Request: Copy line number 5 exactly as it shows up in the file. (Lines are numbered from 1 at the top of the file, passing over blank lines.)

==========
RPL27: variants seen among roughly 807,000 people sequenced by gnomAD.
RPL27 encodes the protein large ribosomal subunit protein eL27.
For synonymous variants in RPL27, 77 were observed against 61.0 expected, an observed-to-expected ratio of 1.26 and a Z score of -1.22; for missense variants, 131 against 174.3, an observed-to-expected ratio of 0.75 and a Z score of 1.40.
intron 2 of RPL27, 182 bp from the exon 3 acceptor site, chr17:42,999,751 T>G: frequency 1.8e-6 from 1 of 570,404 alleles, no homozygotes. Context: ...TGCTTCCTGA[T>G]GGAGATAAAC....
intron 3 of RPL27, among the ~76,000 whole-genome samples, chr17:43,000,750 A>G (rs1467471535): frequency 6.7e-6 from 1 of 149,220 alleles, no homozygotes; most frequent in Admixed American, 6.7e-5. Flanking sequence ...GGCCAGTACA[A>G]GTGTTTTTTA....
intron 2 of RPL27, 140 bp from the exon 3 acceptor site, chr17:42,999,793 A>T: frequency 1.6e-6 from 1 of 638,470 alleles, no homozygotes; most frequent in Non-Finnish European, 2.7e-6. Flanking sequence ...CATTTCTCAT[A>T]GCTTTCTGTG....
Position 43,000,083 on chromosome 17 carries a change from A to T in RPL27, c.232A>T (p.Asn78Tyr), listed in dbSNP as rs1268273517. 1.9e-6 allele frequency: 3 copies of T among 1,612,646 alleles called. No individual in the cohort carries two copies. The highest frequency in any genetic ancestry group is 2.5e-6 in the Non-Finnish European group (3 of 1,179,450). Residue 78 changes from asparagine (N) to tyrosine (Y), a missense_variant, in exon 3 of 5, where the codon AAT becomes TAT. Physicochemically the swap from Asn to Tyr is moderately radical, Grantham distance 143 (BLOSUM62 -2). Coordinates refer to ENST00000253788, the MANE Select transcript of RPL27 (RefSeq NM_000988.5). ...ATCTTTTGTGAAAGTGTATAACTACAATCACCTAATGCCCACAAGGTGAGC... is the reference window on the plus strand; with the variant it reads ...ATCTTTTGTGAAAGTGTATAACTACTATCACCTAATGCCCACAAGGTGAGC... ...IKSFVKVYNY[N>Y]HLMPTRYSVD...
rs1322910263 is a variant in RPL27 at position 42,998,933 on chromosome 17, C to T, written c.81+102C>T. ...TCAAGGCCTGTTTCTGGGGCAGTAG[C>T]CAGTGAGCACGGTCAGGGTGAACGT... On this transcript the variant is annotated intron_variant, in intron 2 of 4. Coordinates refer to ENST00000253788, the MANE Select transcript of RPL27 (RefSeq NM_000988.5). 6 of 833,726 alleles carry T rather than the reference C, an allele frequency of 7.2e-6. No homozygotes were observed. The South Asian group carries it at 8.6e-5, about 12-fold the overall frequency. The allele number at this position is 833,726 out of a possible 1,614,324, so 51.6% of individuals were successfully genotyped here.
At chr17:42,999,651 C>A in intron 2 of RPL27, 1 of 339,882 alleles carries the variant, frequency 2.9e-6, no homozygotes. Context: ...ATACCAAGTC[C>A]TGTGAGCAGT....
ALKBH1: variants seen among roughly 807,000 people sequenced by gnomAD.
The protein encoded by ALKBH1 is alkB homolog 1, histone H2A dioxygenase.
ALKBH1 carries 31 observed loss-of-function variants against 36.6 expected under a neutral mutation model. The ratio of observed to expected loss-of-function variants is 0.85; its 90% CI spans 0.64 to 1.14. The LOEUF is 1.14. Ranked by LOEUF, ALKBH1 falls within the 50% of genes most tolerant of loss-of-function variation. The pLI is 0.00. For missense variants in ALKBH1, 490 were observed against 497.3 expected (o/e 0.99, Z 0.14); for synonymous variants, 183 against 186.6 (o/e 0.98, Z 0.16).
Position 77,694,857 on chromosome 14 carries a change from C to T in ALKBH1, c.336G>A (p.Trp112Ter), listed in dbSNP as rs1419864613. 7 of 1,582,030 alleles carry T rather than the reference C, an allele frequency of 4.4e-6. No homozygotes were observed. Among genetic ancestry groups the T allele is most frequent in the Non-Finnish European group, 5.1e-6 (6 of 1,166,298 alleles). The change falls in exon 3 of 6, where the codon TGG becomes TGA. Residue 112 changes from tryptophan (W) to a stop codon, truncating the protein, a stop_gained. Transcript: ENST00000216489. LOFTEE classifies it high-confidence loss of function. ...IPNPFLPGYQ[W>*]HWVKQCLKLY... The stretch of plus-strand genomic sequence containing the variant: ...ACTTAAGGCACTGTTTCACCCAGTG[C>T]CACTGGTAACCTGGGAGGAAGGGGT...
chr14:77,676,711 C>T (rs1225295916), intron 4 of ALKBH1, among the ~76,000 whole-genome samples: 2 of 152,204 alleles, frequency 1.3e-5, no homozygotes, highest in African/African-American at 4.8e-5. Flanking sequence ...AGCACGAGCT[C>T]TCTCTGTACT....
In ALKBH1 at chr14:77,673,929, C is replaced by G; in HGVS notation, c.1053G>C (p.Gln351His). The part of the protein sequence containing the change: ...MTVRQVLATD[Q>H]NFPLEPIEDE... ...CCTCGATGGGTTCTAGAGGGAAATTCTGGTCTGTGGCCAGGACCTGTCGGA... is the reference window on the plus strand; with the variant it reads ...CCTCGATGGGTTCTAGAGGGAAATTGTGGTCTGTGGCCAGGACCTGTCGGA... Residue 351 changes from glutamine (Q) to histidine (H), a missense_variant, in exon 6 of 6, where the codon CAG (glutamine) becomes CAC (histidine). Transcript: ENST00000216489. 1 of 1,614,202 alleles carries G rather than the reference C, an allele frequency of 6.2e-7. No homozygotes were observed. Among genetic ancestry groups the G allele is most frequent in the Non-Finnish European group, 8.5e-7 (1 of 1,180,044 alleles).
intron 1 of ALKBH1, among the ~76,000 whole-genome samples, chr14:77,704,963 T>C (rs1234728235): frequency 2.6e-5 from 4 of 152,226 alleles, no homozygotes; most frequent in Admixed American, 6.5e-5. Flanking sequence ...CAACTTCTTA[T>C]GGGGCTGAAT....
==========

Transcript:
intron 3 of RPL27, among the ~76,000 whole-genome samples, chr17:43,000,750 A>G (rs1467471535): frequency 6.7e-6 from 1 of 149,220 alleles, no homozygotes; most frequent in Admixed American, 6.7e-5. Flanking sequence ...GGCCAGTACA[A>G]GTGTTTTTTA....